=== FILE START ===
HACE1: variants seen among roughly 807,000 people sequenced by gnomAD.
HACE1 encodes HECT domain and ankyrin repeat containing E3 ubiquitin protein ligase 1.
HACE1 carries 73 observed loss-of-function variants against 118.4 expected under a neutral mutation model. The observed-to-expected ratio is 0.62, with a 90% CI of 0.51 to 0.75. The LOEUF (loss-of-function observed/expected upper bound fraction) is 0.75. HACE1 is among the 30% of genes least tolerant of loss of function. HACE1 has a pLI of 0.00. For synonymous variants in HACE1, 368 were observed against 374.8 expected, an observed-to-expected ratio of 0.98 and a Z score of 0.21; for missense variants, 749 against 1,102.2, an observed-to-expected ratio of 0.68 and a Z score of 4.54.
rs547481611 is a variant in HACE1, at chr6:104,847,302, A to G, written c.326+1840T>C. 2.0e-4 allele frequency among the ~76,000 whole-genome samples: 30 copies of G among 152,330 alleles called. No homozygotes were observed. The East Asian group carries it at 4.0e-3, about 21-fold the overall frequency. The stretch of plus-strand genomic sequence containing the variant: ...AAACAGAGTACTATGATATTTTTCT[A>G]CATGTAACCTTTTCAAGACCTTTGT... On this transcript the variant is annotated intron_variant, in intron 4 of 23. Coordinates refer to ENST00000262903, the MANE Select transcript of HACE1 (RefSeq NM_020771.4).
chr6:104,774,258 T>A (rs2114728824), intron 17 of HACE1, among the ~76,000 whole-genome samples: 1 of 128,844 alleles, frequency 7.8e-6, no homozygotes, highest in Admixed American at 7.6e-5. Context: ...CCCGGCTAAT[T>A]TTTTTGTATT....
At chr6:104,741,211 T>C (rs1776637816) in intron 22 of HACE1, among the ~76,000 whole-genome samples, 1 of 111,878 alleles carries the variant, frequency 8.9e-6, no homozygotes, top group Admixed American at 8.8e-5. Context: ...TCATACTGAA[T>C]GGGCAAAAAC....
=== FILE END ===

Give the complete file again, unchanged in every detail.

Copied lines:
HACE1: variants seen among roughly 807,000 people sequenced by gnomAD.
HACE1 encodes HECT domain and ankyrin repeat containing E3 ubiquitin protein ligase 1.
HACE1 carries 73 observed loss-of-function variants against 118.4 expected under a neutral mutation model. The observed-to-expected ratio is 0.62, with a 90% CI of 0.51 to 0.75. The LOEUF (loss-of-function observed/expected upper bound fraction) is 0.75. HACE1 is among the 30% of genes least tolerant of loss of function. HACE1 has a pLI of 0.00. For synonymous variants in HACE1, 368 were observed against 374.8 expected, an observed-to-expected ratio of 0.98 and a Z score of 0.21; for missense variants, 749 against 1,102.2, an observed-to-expected ratio of 0.68 and a Z score of 4.54.
rs547481611 is a variant in HACE1, at chr6:104,847,302, A to G, written c.326+1840T>C. 2.0e-4 allele frequency among the ~76,000 whole-genome samples: 30 copies of G among 152,330 alleles called. No homozygotes were observed. The East Asian group carries it at 4.0e-3, about 21-fold the overall frequency. The stretch of plus-strand genomic sequence containing the variant: ...AAACAGAGTACTATGATATTTTTCT[A>G]CATGTAACCTTTTCAAGACCTTTGT... On this transcript the variant is annotated intron_variant, in intron 4 of 23. Coordinates refer to ENST00000262903, the MANE Select transcript of HACE1 (RefSeq NM_020771.4).
chr6:104,774,258 T>A (rs2114728824), intron 17 of HACE1, among the ~76,000 whole-genome samples: 1 of 128,844 alleles, frequency 7.8e-6, no homozygotes, highest in Admixed American at 7.6e-5. Context: ...CCCGGCTAAT[T>A]TTTTTGTATT....
At chr6:104,741,211 T>C (rs1776637816) in intron 22 of HACE1, among the ~76,000 whole-genome samples, 1 of 111,878 alleles carries the variant, frequency 8.9e-6, no homozygotes, top group Admixed American at 8.8e-5. Context: ...TCATACTGAA[T>C]GGGCAAAAAC....